Getting into medical school is the single most difficult step of becoming a physician. If you want to get to medical school, you need a premed plan.

There are lots of details and small steps to get right, and of course, big decisions to make. Medical school will likely cost you over $200,000, and your lifetime earnings potential as a physician is probably north of $10,000,000. Take the time and spend the effort needed to get this first, and hardest, step right.

The Premed Section at StudentDoc is set up to help guide you through the process. Based on over 20 years of experience, we’ve broken the process down into several steps. If you want help, you can use our online tools as a starting point for your premed plan.

Here are the basic steps:


Choosing a college is a very important decision. Many people make simple but costly mistakes here, like going to a school that doesn’t have a premed committee or going to a school, like Johns Hopkins, from which only a small percentage of premeds actually end up going to medical school. Ask questions about medical school admissions rates when you interview at the college.

Choosing a major is another decision that frequently gets messed up by premeds. DON’T major in “premed studies.” Only major in biology or chemistry if that’s what you would do even if you weren’t applying to medical school. Major in what interests you and excites you – that’s your best chance to excel and to be happy while in school. And excellence is what medical schools want to see.

Know the basic medical school requirements. We’ve outlined them in some detail in the linked article.

Get excellent grades. Duh! Grades are one of the two factors that get you past the first filter at medical school admissions committees. Part of your strategy should be identifying the weed-out courses at your college, and deciding how to handle them.

Use, but don’t rely on, your premed advisor. Establish your own premed plan, complete with a timeline and steps to become a doctor.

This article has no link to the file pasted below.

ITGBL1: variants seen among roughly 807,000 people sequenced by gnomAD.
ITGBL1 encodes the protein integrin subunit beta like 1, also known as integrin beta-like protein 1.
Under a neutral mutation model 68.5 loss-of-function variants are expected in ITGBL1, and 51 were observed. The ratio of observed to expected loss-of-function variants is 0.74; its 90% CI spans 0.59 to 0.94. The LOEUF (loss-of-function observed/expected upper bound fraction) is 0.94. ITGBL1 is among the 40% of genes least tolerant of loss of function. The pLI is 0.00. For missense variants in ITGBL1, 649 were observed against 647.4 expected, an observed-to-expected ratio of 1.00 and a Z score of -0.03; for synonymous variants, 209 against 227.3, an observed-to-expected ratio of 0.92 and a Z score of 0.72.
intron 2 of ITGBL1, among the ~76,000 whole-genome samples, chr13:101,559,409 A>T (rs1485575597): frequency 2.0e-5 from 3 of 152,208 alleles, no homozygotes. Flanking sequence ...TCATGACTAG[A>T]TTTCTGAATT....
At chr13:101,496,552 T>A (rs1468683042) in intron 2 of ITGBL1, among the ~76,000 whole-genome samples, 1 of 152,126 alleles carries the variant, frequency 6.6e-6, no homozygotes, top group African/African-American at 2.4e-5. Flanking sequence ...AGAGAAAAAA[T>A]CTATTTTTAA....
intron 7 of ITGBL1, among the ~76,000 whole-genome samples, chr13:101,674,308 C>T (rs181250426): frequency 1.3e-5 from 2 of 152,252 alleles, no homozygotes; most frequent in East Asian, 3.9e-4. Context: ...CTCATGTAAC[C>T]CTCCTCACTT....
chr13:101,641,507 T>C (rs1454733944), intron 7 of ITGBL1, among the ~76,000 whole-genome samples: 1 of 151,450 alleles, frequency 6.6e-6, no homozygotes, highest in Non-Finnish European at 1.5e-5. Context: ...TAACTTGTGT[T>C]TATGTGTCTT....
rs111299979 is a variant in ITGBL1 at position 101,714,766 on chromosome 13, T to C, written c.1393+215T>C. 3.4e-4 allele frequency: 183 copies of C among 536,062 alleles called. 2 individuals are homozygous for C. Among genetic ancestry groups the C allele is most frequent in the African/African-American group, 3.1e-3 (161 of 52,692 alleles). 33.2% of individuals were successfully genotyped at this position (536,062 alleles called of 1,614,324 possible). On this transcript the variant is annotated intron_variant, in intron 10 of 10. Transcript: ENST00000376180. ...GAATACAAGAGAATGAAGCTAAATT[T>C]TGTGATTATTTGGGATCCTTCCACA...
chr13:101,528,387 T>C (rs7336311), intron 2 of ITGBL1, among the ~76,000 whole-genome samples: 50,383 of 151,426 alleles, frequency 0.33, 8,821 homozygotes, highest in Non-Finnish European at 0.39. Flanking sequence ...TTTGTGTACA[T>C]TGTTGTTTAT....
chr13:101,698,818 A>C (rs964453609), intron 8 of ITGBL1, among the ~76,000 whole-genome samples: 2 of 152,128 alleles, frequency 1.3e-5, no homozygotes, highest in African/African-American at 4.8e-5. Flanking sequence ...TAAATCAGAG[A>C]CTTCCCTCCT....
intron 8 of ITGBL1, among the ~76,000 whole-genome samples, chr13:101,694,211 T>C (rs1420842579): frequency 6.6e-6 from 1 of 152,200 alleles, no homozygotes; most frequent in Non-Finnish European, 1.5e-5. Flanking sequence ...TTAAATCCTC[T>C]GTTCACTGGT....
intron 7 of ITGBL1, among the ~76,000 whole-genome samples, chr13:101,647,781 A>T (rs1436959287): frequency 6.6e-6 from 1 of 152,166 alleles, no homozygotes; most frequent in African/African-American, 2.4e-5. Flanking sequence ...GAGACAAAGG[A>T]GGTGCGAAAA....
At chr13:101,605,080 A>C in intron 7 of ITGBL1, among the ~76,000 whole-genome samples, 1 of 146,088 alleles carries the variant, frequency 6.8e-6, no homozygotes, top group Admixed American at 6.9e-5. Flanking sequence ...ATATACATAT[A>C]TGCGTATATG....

Along with your GPA, your MCAT score is what many medical schools use to make their first cut. Each school has their own cutoff rule, so your goal should be to have the best combination of GPA and MCAT scores possible.

  • Plan to take the MCAT in your junior year. Here’s more information on when to take the MCAT.
  • MCAT prep – this is important, so do it right. There’s a good reason why over 70% of applicants take a formal prep course.
  • Use practice MCAT exams to estimate how you will do on the real MCAT. Our analysis shows which practice tests best correlate with the real scores.
  • Find out if your MCAT scores are competitive. Our online MCAT score tool compares your GPA and MCAT scores to the stats of students accepted to different US medical schools.
  • Decide whether you should retake the MCAT. There’s data and an MCAT retake tool to help you make your decision.

Letters of Recommendation

This article addresses some of the following important questions about med school letters of recommendation:

  • Who should you ask for a recommendation letter?
  • When should you ask for recommendations?
  • What information should you provide to letter writers?
  • What goes into your school’s premed committee letter?

Extracurricular Activities

Activities above and beyond academics speak to your priorities and your accomplishments. General categories of extracurricular activities are listed below in order of importance; it is most important that you have some clinical exposure.

  • Clinical exposure / physician shadowing
  • Research
  • Volunteering
  • Leadership
  • Sports

Choosing the medical schools to which you will apply

There are now a wide variety of kinds of medical schools and programs to which you can apply. Matching your interests and qualifications to the type of medical school gives you the best chance of getting into an appropriate institution.

The Application

When it comes time to apply to medical school, you will most likely use the AMCAS application, which is the initial step for most allopathic medical schools outside of Texas. Most Texas schools use a different preliminary application, called TMDSAS. We deal with each of the following topics in detail through the linked article.

  • AMCAS basics, including what goes in the application and what you need to prepare.
  • AMCAS essay and personal statements.
  • Secondary applications

The Medical School Interview

The studentdoc community has compiled a large resource of medical school interview information, both through the premed forum and through our affiliates at

  • Sample medical school interview questions
  • How to dress for a medical school interview
  • Video examples of medical school interviews
  • Should you write a thank you note?
Topics #amcas #amcas essay #mcat #MCAT prep #medical school interviews #medical school requirements #premed #premed plan #premed programs